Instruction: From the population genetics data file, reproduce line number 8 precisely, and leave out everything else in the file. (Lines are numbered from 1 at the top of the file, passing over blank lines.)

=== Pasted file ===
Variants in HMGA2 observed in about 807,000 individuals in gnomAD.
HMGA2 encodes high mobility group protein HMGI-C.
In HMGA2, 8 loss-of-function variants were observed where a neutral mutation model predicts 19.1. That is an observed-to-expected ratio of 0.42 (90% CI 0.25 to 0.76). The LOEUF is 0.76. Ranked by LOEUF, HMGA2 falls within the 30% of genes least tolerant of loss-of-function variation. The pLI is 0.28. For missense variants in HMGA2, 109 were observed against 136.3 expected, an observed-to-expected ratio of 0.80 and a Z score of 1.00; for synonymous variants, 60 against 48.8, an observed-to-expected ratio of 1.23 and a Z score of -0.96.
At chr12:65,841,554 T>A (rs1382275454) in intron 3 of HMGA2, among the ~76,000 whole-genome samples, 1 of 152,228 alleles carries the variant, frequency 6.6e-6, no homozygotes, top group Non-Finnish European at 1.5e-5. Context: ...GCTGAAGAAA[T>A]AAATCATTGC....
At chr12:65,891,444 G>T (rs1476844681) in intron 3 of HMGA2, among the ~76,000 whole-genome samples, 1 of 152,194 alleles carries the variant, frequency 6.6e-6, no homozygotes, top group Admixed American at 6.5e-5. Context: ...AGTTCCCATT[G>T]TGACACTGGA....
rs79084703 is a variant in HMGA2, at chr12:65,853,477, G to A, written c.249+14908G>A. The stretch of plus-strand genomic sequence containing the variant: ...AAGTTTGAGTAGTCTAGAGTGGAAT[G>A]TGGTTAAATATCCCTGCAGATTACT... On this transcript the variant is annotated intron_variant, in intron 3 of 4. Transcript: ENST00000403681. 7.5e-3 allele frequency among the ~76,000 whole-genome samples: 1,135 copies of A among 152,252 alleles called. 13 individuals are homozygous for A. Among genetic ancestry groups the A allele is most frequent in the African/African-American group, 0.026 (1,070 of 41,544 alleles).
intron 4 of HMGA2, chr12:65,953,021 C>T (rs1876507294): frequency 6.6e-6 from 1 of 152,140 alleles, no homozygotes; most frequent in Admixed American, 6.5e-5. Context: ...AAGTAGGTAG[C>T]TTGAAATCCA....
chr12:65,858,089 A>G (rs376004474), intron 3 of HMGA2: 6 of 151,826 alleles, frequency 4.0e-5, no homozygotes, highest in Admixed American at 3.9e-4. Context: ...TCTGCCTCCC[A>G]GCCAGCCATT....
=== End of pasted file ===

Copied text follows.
chr12:65,858,089 A>G (rs376004474), intron 3 of HMGA2: 6 of 151,826 alleles, frequency 4.0e-5, no homozygotes, highest in Admixed American at 3.9e-4. Context: ...TCTGCCTCCC[A>G]GCCAGCCATT....